War in History published the article, “‘Hard, primitive and below the belt’: The Korean War, Prisoners of War, and Training for Conduct After Capture” by Meghan Fitzpatrick in August 2019. Taking a policy-centred approach, Fitzpatrick’s article looks at the impact of prisoners of war captured during the Korean War on British policy and military training. Through firsthand accounts, Fitzpatrick recounts the conduct of North Korea and China during the war, noting that they did not follow Geneva Convention protocol on the treatment of prisoners of war, and inflicted various forms of torture unless prisoners acted in the way they wanted, learned the ‘truth’ and adopted a communist stance – what the UK later called brainwashing. With post-war findings indicating that few men fully resisted their captors and a higher number collaborated with them, the UK changed its previous stance which neglected training for conduct-after-capture on the basis that it presumes capture, to one that recognized the importance of resistance until the end, and sought to both increase the resistance of prisoners of war to brainwashing and torture, and instill a determination to escape. While the reformed training was intended to account for soldiers’ experiences as prisoners of war, the resistance training itself utilized the same methods that North Koreans and the Chinese did, and had questionable impacts on soldiers’ mental well-being before even engaging in war.
In an historical article published in The Journal of Commonwealth Literature in September 2019, Nienke Boer tracks the movement of prisoners of war from South Africa to Bermuda, St. Helena, and British India during the Anglo-Boer War. The article, “Exploring British India: South African prisoners of war and imperial travel writers, 1899-1902,” utilizes memoirs to highlight the focus of migrant prisoners of war on the beauty of landscape, travel and cultural exchange provided by empire, as opposed to captivity, detention, and the war against imperialism occurring at home. In many ways, war prisoners utilized their memoirs to reconcile contrasting identities developed throughout the war: as patriotic to South Africa yet nomadic cosmopolitans seeing the appeal of imperial travel; as victorious in their own small ways against their opposition despite South African defeat in the war; as simple as in British depictions yet honest in their writing and intellectual in prison life; and, most notably, as explorers or tourists on an adventure, not victims of British imperialism and unfree migration.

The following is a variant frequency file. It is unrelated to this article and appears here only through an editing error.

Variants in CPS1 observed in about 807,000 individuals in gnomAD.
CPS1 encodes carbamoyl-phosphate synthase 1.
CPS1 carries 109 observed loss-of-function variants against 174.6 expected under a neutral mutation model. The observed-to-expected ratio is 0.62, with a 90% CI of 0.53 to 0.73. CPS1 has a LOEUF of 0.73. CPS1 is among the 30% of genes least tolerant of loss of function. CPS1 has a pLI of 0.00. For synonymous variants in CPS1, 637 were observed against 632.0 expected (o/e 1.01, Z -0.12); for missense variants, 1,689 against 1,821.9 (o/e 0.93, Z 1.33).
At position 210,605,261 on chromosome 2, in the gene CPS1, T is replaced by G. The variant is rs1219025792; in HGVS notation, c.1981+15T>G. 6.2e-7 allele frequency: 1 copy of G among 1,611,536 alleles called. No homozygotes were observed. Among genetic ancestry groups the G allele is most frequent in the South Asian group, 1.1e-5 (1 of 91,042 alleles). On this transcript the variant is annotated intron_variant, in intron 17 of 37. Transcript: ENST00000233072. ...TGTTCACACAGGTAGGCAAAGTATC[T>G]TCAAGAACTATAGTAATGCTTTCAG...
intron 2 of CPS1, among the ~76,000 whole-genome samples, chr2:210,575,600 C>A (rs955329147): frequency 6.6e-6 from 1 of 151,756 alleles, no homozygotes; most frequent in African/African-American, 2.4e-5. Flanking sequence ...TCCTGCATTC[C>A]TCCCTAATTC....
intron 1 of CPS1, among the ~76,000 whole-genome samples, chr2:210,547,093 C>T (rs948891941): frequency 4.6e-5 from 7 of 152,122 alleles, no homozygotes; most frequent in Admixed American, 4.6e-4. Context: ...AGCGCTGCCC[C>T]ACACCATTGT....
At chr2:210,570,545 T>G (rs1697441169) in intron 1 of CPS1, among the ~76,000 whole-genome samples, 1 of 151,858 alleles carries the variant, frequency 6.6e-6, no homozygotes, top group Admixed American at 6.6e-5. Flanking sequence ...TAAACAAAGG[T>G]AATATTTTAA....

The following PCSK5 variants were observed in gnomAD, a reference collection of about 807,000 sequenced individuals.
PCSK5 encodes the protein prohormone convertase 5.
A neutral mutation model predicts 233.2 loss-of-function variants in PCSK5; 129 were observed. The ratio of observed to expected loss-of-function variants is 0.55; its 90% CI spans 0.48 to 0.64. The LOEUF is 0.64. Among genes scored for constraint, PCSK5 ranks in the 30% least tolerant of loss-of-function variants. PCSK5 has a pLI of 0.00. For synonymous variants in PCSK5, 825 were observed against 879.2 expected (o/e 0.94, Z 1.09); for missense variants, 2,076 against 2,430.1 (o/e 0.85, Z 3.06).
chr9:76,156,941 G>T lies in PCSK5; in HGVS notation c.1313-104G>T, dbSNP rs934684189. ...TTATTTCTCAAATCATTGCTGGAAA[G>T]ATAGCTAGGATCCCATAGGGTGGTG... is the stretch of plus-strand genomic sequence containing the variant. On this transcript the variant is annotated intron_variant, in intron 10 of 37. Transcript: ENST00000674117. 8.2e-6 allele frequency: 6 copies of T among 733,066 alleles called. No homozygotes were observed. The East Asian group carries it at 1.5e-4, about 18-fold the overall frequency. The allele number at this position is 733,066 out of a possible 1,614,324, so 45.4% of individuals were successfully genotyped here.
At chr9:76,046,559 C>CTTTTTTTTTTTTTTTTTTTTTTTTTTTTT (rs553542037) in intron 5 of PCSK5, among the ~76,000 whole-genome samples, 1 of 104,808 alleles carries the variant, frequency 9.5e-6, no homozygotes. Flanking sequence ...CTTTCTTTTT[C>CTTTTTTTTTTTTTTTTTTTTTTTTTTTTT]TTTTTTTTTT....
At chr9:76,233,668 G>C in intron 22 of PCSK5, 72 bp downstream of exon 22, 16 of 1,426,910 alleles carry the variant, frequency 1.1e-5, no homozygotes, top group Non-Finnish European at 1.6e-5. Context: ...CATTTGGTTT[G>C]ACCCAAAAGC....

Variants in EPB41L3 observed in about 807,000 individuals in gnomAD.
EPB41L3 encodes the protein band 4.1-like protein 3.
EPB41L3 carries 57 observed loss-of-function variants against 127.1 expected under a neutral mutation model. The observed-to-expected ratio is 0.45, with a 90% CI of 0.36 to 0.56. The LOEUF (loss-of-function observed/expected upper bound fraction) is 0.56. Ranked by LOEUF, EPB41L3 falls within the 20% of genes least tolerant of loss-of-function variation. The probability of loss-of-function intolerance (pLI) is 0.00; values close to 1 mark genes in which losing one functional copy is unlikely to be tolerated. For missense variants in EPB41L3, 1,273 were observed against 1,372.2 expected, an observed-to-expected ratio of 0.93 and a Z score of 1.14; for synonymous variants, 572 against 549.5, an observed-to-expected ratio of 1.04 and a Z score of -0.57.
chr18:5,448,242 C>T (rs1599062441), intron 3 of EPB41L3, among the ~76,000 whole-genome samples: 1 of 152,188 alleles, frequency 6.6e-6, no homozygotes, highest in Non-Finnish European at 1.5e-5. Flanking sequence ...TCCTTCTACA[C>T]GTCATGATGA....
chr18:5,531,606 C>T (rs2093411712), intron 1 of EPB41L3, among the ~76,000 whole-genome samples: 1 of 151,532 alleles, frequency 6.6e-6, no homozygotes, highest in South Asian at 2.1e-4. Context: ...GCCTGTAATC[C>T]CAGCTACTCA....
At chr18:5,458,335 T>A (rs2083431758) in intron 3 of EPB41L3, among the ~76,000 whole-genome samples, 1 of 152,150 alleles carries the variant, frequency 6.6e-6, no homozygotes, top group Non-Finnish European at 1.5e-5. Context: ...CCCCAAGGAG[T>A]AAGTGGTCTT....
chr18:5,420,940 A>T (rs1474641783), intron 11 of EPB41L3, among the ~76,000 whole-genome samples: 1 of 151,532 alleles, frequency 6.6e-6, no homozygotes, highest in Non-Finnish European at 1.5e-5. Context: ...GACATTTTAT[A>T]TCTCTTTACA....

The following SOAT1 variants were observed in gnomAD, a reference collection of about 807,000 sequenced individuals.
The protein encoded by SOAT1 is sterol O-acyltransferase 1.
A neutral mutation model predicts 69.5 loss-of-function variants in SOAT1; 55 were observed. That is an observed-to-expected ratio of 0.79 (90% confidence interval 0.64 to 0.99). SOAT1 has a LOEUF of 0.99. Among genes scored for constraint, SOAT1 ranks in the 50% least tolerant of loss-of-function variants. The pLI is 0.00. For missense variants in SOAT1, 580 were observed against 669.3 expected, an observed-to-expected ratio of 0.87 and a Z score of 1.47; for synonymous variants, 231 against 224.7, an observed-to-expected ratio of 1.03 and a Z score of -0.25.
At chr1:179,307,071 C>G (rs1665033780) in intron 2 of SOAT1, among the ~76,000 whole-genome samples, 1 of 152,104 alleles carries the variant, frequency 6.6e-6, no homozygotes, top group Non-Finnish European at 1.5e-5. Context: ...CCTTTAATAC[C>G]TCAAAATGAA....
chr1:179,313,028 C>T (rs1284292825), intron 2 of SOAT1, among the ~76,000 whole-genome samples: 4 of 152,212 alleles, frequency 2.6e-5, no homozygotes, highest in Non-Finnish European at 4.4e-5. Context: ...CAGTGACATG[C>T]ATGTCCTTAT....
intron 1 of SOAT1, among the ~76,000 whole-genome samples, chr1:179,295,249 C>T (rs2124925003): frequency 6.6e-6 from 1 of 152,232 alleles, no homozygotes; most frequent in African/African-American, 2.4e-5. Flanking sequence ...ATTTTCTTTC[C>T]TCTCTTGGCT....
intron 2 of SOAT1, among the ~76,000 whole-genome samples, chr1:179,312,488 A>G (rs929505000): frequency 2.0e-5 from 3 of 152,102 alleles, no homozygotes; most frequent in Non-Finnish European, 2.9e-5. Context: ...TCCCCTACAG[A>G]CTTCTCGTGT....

History Australia’s April 2019 issue included an article by Julia Smart which examines personal accounts to understand the re-entry of Australian prisoners of war during the First World War, “‘It would be impossible to describe our feelings’: the recovery and demobilisation of Australian prisoners of war after the First World War.” Largely relying on memoirs and letters, Smart argues that being a prisoner of war in WWI was arduous and traumatic in more than just experiencing captivity, as Australian ex-prisoners suffered a dual trauma of living as a captive and living in a stigmatised environment lacking support post-captivity, upon return to Australia. Smart highlights the additional traumatic layers of war on prisoners of war in the process of capture, during captivity, upon release, during post-release travel, and once returned to their communities in Australia. These include stigmas of cowardice, failure, desertion, and loss of manhood during capture and confinement, uncertainty regarding release or escape during captivity, and uncertainty following release in terms of travelling home. For many of these Australian ex-detainees, captivity did not end when they were released, with many suffering from a lack of collective identity, separation from fellow prisoners of war during demobilisation, reintegration in Australian society and former lives, and new physical and psychological disabilities.